There are many unspoken rules to being a respectable bus-user here in Malta. We’ve highlighted eight handy tips for you to follow that will help you understand what you should and shouldn’t do when you’re catching tal-linja.
1. Stick your hand out at the bus-stop
You don’t have to put out your thumb hitchhiking style, but a general wave in the driver’s direction once your bus is in sight is a must. Otherwise, the driver might zoom by you without a second glance. And once the bus does stop – hustle!
2. Don’t ring the bell unnecessarily
It’s every bus driver’s pet peeve, so don’t go pissing on their day unnecessarily. It’s quite a simple concept – don’t ring the bell unless your stop is up next, and if someone has already rung it once, don’t ring it again. Contrary to popular opinion, the driver does have ears.
3. Respect personal space
If there’s a ton of empty seats, don’t go cosying up to another passenger. The seats are already uncomfortable enough, and deliberately sitting so close to a stranger is just plain weird.
4. Get to your seat ASAP
Sometimes drivers don’t properly calculate the amount of time a person needs to find a seat. Or, you know, they just don’t care. Whatever the case, it’s best you beeline to your seat once you’ve swiped your tallinja card.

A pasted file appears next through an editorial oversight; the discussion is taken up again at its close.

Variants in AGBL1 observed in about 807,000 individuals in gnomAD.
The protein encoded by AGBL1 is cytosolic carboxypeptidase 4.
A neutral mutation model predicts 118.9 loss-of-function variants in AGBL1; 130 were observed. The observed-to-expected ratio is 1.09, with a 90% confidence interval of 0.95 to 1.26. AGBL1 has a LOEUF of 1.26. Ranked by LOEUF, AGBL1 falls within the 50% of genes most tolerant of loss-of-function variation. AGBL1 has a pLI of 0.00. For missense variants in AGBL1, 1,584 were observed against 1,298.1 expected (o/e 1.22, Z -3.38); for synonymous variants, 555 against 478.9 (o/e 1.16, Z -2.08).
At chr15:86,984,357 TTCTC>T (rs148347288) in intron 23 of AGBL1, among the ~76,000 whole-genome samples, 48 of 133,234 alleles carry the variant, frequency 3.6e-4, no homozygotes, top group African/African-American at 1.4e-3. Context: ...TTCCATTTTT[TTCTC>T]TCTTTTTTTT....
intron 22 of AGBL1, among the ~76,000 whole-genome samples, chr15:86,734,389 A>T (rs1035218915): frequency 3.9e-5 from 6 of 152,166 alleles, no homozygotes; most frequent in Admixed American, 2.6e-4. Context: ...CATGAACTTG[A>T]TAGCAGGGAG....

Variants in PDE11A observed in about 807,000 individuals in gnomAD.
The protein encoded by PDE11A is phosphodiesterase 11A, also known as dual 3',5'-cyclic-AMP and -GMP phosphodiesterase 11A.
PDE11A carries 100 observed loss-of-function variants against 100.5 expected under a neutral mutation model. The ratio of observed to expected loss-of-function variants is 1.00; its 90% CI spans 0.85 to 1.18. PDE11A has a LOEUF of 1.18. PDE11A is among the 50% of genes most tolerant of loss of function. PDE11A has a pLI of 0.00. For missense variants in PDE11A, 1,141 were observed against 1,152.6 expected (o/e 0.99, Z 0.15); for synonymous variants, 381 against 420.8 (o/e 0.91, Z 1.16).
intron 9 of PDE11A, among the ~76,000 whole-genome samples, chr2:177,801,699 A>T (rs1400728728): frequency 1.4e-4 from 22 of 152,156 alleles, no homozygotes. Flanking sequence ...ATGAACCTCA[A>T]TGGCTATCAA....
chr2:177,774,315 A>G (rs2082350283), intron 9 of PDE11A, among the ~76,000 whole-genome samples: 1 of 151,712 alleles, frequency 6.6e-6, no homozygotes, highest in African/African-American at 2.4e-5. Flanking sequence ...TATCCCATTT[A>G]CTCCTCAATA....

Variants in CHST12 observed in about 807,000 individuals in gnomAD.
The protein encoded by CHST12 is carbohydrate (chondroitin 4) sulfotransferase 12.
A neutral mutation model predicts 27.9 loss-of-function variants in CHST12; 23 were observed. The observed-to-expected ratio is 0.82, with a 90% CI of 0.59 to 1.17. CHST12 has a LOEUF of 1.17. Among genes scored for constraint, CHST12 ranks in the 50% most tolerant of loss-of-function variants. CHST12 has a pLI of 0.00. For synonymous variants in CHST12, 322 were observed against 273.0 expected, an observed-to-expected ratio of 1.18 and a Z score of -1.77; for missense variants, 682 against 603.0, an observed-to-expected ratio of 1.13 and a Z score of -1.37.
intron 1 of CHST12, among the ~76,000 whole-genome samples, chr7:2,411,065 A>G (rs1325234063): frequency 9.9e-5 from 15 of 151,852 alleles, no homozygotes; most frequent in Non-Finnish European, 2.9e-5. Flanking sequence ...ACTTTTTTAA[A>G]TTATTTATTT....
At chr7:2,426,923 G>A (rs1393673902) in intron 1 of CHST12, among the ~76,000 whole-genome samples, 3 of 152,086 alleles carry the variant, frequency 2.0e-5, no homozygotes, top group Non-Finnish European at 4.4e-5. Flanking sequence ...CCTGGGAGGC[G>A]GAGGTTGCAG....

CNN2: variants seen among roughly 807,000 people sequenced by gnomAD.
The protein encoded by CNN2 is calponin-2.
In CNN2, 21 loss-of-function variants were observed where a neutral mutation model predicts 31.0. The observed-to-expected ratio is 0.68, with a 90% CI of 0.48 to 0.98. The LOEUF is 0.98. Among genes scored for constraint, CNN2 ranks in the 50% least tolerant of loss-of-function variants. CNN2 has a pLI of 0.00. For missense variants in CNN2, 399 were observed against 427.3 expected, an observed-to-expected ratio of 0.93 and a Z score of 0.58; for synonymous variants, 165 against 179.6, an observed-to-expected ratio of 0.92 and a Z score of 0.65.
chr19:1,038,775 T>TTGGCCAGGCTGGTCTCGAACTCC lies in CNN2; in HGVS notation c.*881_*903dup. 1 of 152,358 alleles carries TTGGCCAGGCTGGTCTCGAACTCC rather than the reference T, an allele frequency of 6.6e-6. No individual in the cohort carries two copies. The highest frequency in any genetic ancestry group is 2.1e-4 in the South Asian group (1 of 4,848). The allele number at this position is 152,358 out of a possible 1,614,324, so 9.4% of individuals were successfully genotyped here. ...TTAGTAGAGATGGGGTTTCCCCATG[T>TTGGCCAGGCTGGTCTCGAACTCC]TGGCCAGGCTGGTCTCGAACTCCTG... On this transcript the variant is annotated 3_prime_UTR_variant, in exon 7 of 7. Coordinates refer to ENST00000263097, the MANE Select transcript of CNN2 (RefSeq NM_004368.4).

5. Keep it to yourself
Unless you’re 70-something, you really shouldn’t go about sharing your life story with the poor sod who’s sitting next to you. It just makes them feel awkward and uncomfortable.
6. Use headphones
The 80s are done and dusted, so it’s no longer OK to blast your music while on public transport – not even if you actually have a boom box. Use headphones like a nice person. Besides, headphones help send the message that you want to be left alone for a while.
7. Be ready to queue with the best
The British might be known for their queues, but Maltese people are known for turning their queues into a competition. If there’s a crowd of people around when your bus stops, be ready to manoeuvre your way through to get a good seat.
8. Use your indoor voice
When answering phone calls on a bus, keep the volume to a minimum. Nobody really wants to know about what happened to you last night at the club, or have many bags of salad you need to buy from LIDL.